What you need to know about rabies
With the approach of World Rabies day on Monday, September 28, this is an excellent time for animal guardians to become more aware about rabies, and to take steps to enhance control and prevention of this potentially deadly disease to both humans and companion animals. There are almost 60,000 human deaths worldwide each year, mostly in Africa and Asia; however, each year 40,000 people in the United States receive post exposure inoculations against rabies.
While canine rabies has been eliminated in the United States, many cases of rabies in domestic cats are reported each year. In other areas of the world, large numbers of stray dogs are present, which can often come into contact with infected wild animals. Rabies is a virus that can occur in most mammals, and which is transmitted by the bite of infected animals. As there are high numbers of rabies virus in the saliva of infected animals, this virus attacks the nervous system of affected animals, and can cause a variety of neurological symptoms and/or behavioral changes. The time from exposure until the onset of clinical signs can take from a few weeks to months; however once in the nervous system, there is little effective treatment.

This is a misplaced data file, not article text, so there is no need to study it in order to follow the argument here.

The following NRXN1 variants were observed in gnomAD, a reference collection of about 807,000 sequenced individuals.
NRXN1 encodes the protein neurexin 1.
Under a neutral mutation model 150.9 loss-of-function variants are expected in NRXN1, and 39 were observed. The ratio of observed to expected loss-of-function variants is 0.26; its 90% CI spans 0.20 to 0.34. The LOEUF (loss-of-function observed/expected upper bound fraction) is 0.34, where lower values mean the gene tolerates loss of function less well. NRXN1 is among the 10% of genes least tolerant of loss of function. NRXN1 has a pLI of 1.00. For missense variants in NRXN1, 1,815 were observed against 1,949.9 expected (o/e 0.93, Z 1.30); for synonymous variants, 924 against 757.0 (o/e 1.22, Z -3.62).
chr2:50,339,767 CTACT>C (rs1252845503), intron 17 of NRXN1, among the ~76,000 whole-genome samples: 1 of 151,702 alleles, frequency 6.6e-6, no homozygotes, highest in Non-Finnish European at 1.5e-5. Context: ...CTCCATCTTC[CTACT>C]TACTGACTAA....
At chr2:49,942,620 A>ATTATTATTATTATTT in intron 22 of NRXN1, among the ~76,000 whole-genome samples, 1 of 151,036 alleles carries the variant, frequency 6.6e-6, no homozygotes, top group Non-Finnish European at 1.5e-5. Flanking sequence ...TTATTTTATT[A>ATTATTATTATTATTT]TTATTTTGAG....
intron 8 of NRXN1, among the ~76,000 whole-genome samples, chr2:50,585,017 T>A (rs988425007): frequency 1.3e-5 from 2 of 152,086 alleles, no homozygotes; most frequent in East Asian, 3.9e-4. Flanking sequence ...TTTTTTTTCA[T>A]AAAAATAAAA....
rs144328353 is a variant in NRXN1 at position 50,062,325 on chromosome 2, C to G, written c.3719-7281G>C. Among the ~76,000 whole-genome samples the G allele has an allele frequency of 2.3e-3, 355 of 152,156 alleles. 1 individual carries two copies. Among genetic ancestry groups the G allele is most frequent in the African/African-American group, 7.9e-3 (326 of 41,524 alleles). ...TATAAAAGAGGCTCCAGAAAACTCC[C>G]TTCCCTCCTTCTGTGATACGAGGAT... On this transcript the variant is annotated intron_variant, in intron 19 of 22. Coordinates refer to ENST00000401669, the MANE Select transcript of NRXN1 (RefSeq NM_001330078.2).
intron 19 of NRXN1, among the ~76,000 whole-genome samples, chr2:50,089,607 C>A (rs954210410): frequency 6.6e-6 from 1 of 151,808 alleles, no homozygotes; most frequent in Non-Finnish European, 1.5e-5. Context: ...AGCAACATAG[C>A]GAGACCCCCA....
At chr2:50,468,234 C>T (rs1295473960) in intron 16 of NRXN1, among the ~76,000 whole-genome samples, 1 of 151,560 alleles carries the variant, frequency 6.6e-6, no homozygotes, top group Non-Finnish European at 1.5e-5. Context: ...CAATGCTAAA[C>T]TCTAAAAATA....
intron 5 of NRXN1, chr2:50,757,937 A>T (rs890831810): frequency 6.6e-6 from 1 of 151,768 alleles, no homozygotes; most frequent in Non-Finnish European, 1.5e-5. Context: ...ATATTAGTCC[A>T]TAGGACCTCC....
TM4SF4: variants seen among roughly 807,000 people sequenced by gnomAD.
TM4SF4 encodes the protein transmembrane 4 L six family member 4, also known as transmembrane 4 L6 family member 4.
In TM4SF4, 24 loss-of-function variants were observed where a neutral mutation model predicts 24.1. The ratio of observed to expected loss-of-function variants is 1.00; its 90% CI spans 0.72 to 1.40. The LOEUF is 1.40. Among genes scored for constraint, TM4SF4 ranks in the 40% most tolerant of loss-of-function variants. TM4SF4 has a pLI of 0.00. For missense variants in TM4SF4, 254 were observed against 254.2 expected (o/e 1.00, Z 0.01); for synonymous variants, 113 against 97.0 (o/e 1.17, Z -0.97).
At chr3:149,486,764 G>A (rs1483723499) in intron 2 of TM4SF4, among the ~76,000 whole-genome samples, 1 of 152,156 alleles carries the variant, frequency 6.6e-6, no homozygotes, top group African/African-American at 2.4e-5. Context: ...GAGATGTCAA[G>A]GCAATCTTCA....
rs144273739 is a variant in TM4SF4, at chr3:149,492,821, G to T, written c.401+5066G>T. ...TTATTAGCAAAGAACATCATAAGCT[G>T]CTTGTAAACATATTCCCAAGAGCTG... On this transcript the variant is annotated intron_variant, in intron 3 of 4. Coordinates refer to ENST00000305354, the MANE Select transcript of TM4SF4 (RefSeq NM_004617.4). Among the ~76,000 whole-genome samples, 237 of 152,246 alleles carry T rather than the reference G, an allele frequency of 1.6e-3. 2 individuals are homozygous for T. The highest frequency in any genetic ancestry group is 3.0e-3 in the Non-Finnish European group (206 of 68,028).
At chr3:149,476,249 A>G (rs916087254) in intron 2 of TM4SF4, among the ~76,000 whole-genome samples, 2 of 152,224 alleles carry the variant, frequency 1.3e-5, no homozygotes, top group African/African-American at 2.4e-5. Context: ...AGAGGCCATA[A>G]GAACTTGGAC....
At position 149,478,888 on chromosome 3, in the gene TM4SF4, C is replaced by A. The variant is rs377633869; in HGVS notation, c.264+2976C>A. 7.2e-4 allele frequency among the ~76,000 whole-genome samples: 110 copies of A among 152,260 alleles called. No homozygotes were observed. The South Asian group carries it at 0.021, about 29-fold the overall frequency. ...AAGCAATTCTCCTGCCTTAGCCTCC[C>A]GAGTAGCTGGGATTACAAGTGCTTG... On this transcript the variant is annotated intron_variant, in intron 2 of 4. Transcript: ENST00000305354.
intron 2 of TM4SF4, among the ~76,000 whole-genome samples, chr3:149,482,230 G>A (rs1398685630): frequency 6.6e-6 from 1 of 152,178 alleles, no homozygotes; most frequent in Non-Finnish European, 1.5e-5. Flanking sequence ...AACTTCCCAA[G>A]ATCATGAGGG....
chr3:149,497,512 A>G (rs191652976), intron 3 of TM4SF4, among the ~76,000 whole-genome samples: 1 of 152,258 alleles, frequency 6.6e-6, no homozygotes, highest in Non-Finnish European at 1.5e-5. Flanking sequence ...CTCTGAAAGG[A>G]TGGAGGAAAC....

There are many steps that animal guardians can take to control and prevent rabies in their pets. Probably the most important step is in making sure that pets are current on their rabies vaccinations. In most states, puppies and kittens are vaccinated at ages 4 to 6 months, which is then boostered at one year of age. After that, most states require rabies vaccinations every 3 years.
There are new studies being undertaken to document that immunity to rabies vaccination lasts much longer than 3 years (www.rabieschallengefund.org) which are important studies, as we certainly do not want to over-vaccinate our pets. It is important to understand the laws in your state on rabies vaccination, because if a pet is unvaccinated and potentially exposed to rabies, they must be either quarantined for 6 months or put down. It is also important to keep pets away from wildlife, especially those that are at higher risk of carrying rabies, such as raccoons, skunks, bats and foxes. It is also important not to feed or handle wildlife, including dead animals, as the rabies virus can survive in saliva and nervous tissue for a period of time
Be aware of some of the signs of rabies in wildlife, such as swallowing issues, excessive drooling, being more tame than expected, having increased aggression, as well as trouble moving or paralysis. Pets should be kept indoors or under supervision if they are allowed outside. Do not feed or put water for pets outside, and garbage should be securely covered to detract from wild life visitors, including raccoons and opossums. Teach children to never handle wild animals or unfamiliar domestic animals.